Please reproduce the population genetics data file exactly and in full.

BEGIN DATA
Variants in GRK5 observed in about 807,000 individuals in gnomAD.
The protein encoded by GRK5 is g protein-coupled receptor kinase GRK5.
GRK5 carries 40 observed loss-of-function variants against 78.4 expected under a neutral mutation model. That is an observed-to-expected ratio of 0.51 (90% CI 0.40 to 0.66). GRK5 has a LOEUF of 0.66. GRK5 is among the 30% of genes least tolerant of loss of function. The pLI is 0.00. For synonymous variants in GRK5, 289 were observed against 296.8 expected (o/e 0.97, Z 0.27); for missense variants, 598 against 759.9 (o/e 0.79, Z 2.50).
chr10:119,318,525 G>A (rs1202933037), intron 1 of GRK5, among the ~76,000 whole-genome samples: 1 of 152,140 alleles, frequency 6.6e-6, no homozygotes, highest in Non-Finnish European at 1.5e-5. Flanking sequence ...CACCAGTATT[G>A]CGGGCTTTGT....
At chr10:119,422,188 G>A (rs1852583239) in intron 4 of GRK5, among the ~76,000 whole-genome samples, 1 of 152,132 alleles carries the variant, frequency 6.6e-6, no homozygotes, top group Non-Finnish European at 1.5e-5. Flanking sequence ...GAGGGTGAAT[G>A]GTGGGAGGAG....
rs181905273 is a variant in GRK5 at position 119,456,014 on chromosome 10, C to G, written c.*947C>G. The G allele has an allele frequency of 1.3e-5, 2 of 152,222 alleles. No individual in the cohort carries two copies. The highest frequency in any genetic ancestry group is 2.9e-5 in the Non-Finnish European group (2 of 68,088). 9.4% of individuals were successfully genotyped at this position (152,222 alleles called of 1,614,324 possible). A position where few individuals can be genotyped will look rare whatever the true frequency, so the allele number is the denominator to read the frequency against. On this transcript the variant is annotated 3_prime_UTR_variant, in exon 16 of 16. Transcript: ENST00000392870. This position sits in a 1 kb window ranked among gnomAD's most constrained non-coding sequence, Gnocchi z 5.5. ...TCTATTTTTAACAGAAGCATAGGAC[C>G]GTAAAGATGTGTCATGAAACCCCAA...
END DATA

Variants in GRK5 observed in about 807,000 individuals in gnomAD.
The protein encoded by GRK5 is g protein-coupled receptor kinase GRK5.
GRK5 carries 40 observed loss-of-function variants against 78.4 expected under a neutral mutation model. That is an observed-to-expected ratio of 0.51 (90% CI 0.40 to 0.66). GRK5 has a LOEUF of 0.66. GRK5 is among the 30% of genes least tolerant of loss of function. The pLI is 0.00. For synonymous variants in GRK5, 289 were observed against 296.8 expected (o/e 0.97, Z 0.27); for missense variants, 598 against 759.9 (o/e 0.79, Z 2.50).
chr10:119,318,525 G>A (rs1202933037), intron 1 of GRK5, among the ~76,000 whole-genome samples: 1 of 152,140 alleles, frequency 6.6e-6, no homozygotes, highest in Non-Finnish European at 1.5e-5. Flanking sequence ...CACCAGTATT[G>A]CGGGCTTTGT....
At chr10:119,422,188 G>A (rs1852583239) in intron 4 of GRK5, among the ~76,000 whole-genome samples, 1 of 152,132 alleles carries the variant, frequency 6.6e-6, no homozygotes, top group Non-Finnish European at 1.5e-5. Flanking sequence ...GAGGGTGAAT[G>A]GTGGGAGGAG....
rs181905273 is a variant in GRK5 at position 119,456,014 on chromosome 10, C to G, written c.*947C>G. The G allele has an allele frequency of 1.3e-5, 2 of 152,222 alleles. No individual in the cohort carries two copies. The highest frequency in any genetic ancestry group is 2.9e-5 in the Non-Finnish European group (2 of 68,088). 9.4% of individuals were successfully genotyped at this position (152,222 alleles called of 1,614,324 possible). A position where few individuals can be genotyped will look rare whatever the true frequency, so the allele number is the denominator to read the frequency against. On this transcript the variant is annotated 3_prime_UTR_variant, in exon 16 of 16. Transcript: ENST00000392870. This position sits in a 1 kb window ranked among gnomAD's most constrained non-coding sequence, Gnocchi z 5.5. ...TCTATTTTTAACAGAAGCATAGGAC[C>G]GTAAAGATGTGTCATGAAACCCCAA...